“The future is already here — it’s just not evenly distributed,” said William Gibson, cyberpunk author.
Cyberpunk is a subgenre of science fiction where plots are set in the future and the characters are marginalized and victimized by wimpy governments and the sinister greed of major corporations. They rail against the establishment, designing creative solutions to their own challenges, using technology in ways that were never intended by their inventors.
Why is this relevant to insurance? If you think about Mr. Gibson’s quote and the themes of his genre, they are spot on. The future has been here for years, starting on the fringes of society; and once it became more mainstream, its label changed to “present.”
Obvious examples are Internet, mobile and social. The industry was uncertain about all of these trends at one point, doubting their relevance to insurance. Some said these trends would never catch on because, after all, insurance is “sold, not bought.” Now many companies are investing heavily into catching up, designing new experiences around the way people consume information and make decisions.
Lesson learned. Now what?
Let’s look at the future scenarios that we are uncertain about today and start infusing them into the business so we can lead instead of lag. How to do that? As a start, let’s ask ourselves what futures should be considered today.
The industry already has some futures on the radar such as the Internet of Things (e.g., wearables, smart homes and cars, new uses of big data). Some companies also have the sharing economy in mind, particularly those in the P&C and/or health insurance world because crowd funding and home/ride sharing are becoming mainstream and substituting for, or pushing the limits of, current products.
A few examples of other futures we should be considering: The future of income and the future of retirement. Will full-time employment and/or employment by one employer at a time become passé? Will the notion of saving for a retirement date be relevant anymore, or will people maintain their lifestyle in other ways? What about the future of currency? Will people pay for what’s important with just their money, or might they pay for it with their time, their behavior or other things of value to us?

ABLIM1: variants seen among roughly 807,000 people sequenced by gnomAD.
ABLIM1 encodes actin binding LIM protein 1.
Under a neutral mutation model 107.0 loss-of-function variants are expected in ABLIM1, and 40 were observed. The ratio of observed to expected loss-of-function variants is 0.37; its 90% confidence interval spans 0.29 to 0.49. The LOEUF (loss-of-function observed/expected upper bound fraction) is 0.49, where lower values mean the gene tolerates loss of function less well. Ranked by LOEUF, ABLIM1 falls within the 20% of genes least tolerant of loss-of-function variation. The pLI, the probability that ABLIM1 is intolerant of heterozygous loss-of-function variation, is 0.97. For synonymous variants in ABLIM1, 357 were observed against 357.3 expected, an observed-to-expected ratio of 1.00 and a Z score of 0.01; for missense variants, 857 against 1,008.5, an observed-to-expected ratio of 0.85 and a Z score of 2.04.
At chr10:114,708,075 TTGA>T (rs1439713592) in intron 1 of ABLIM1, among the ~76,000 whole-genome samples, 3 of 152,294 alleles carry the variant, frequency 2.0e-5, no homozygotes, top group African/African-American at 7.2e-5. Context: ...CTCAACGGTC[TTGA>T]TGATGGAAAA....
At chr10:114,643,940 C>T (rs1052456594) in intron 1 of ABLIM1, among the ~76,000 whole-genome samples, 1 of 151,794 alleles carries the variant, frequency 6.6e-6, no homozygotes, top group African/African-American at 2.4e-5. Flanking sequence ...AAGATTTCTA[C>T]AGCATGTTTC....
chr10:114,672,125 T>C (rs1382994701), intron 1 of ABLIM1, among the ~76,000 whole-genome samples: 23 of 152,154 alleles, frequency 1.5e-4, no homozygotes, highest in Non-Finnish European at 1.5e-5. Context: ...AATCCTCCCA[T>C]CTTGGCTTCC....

What can companies do now to get ready for those futures?
Once your domain is clear, find the consumer attitudes and behaviors that are relevant to those future states and infuse them in your segmentation research. Many companies segment around the present needs for purposes of marketing, service and product development. All good. And if you add the future state attitudes, you can get at unarticulated emerging needs and be out ahead of them.
Another strategy is to find disruptors that are playing in those fringes and learn from them. The amount of carrier investment in startups in the last year has been more than in the previous four years combined. This is a sign that the future is becoming more evenly distributed. The key is to find the startups that are in the future spaces, not just present ones.
How can we avoid mistakes of the past? First, don’t define your future domain using mainstream terms. If you do, you’re working in the present versus the future. For example, if you define retirement around an event and/or a rate of savings, that’s present. If you are defining big data as a buying propensity tool, that’s present.
Second, your culture needs to become comfortable in the grey. And you can’t just declare it into being. It requires new skill sets, in particular, those around prototyping and decision-making in small increments. The good news is that all of this can be learned.
This should not minimize the importance of working on the present state of your business. However, placing a small percentage of your energy and resource on the future is like an insurance policy for relevance in the decades to come.